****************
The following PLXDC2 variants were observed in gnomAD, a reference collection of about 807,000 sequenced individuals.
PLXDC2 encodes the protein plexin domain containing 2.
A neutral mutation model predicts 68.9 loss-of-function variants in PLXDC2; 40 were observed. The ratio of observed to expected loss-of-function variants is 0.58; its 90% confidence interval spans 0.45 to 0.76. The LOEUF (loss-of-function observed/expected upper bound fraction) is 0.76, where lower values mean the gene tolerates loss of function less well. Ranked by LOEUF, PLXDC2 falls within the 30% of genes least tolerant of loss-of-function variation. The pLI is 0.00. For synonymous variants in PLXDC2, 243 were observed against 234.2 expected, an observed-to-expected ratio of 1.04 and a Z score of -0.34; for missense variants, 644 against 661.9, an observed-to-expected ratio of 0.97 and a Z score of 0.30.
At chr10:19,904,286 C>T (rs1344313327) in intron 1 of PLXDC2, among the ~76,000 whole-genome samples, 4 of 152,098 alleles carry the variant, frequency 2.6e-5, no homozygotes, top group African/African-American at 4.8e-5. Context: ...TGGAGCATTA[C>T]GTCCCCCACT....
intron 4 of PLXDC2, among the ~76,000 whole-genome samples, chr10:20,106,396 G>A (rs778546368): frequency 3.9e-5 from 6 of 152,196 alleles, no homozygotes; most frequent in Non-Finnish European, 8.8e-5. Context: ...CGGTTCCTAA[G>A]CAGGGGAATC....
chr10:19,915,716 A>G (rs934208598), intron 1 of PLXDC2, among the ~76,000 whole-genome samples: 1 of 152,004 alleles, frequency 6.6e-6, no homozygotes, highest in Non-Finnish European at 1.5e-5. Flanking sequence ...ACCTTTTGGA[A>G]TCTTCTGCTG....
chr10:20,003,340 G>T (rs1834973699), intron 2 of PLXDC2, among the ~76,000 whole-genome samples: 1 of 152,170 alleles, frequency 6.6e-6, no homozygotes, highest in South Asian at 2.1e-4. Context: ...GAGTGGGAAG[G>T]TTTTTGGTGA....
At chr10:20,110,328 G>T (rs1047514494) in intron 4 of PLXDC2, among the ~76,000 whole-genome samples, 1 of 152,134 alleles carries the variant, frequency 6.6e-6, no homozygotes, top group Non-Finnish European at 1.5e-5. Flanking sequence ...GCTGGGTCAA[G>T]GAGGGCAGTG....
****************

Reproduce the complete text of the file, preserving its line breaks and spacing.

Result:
The following PLXDC2 variants were observed in gnomAD, a reference collection of about 807,000 sequenced individuals.
PLXDC2 encodes the protein plexin domain containing 2.
A neutral mutation model predicts 68.9 loss-of-function variants in PLXDC2; 40 were observed. The ratio of observed to expected loss-of-function variants is 0.58; its 90% confidence interval spans 0.45 to 0.76. The LOEUF (loss-of-function observed/expected upper bound fraction) is 0.76, where lower values mean the gene tolerates loss of function less well. Ranked by LOEUF, PLXDC2 falls within the 30% of genes least tolerant of loss-of-function variation. The pLI is 0.00. For synonymous variants in PLXDC2, 243 were observed against 234.2 expected, an observed-to-expected ratio of 1.04 and a Z score of -0.34; for missense variants, 644 against 661.9, an observed-to-expected ratio of 0.97 and a Z score of 0.30.
At chr10:19,904,286 C>T (rs1344313327) in intron 1 of PLXDC2, among the ~76,000 whole-genome samples, 4 of 152,098 alleles carry the variant, frequency 2.6e-5, no homozygotes, top group African/African-American at 4.8e-5. Context: ...TGGAGCATTA[C>T]GTCCCCCACT....
intron 4 of PLXDC2, among the ~76,000 whole-genome samples, chr10:20,106,396 G>A (rs778546368): frequency 3.9e-5 from 6 of 152,196 alleles, no homozygotes; most frequent in Non-Finnish European, 8.8e-5. Context: ...CGGTTCCTAA[G>A]CAGGGGAATC....
chr10:19,915,716 A>G (rs934208598), intron 1 of PLXDC2, among the ~76,000 whole-genome samples: 1 of 152,004 alleles, frequency 6.6e-6, no homozygotes, highest in Non-Finnish European at 1.5e-5. Flanking sequence ...ACCTTTTGGA[A>G]TCTTCTGCTG....
chr10:20,003,340 G>T (rs1834973699), intron 2 of PLXDC2, among the ~76,000 whole-genome samples: 1 of 152,170 alleles, frequency 6.6e-6, no homozygotes, highest in South Asian at 2.1e-4. Context: ...GAGTGGGAAG[G>T]TTTTTGGTGA....
At chr10:20,110,328 G>T (rs1047514494) in intron 4 of PLXDC2, among the ~76,000 whole-genome samples, 1 of 152,134 alleles carries the variant, frequency 6.6e-6, no homozygotes, top group Non-Finnish European at 1.5e-5. Flanking sequence ...GCTGGGTCAA[G>T]GAGGGCAGTG....